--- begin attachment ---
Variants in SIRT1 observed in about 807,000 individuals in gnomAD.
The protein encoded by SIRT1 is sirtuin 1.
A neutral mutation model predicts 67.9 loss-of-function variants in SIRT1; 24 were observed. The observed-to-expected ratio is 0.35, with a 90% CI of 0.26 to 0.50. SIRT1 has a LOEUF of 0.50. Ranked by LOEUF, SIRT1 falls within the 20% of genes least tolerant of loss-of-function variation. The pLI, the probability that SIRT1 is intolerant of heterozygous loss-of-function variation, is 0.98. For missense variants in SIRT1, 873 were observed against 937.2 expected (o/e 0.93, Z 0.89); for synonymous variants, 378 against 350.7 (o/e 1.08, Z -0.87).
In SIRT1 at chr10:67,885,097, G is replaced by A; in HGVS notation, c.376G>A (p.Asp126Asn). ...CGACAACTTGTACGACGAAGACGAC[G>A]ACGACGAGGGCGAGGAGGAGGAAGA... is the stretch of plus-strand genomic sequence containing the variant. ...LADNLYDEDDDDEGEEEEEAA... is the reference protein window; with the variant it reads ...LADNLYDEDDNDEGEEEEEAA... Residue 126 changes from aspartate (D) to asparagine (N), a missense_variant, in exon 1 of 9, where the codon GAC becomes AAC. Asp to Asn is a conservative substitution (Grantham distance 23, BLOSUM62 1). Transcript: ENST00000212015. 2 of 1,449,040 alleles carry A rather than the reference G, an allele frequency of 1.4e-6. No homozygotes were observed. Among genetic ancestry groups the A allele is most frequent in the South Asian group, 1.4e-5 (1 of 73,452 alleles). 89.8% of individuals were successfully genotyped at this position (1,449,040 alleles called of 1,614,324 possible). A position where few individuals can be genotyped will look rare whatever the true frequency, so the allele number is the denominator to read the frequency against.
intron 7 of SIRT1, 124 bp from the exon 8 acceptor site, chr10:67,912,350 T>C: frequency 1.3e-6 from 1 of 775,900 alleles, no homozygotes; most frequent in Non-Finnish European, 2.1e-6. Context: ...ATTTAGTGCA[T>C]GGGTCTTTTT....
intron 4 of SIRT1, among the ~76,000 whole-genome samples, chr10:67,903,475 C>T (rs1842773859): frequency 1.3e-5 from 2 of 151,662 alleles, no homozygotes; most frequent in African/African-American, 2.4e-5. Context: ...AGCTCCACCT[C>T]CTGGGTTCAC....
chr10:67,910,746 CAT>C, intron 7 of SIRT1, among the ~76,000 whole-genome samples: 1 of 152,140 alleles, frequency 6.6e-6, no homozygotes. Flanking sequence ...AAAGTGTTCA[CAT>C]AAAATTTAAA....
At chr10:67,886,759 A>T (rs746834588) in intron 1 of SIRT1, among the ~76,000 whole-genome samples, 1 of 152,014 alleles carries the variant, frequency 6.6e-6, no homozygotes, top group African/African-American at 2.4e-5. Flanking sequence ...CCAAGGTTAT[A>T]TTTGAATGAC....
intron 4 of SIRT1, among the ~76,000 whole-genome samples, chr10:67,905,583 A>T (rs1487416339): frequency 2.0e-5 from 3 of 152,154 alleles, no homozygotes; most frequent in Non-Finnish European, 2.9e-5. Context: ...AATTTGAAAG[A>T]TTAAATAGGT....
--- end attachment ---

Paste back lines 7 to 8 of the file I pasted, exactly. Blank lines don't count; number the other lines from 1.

chr10:67,910,746 CAT>C, intron 7 of SIRT1, among the ~76,000 whole-genome samples: 1 of 152,140 alleles, frequency 6.6e-6, no homozygotes. Flanking sequence ...AAAGTGTTCA[CAT>C]AAAATTTAAA....
At chr10:67,886,759 A>T (rs746834588) in intron 1 of SIRT1, among the ~76,000 whole-genome samples, 1 of 152,014 alleles carries the variant, frequency 6.6e-6, no homozygotes, top group African/African-American at 2.4e-5. Flanking sequence ...CCAAGGTTAT[A>T]TTTGAATGAC....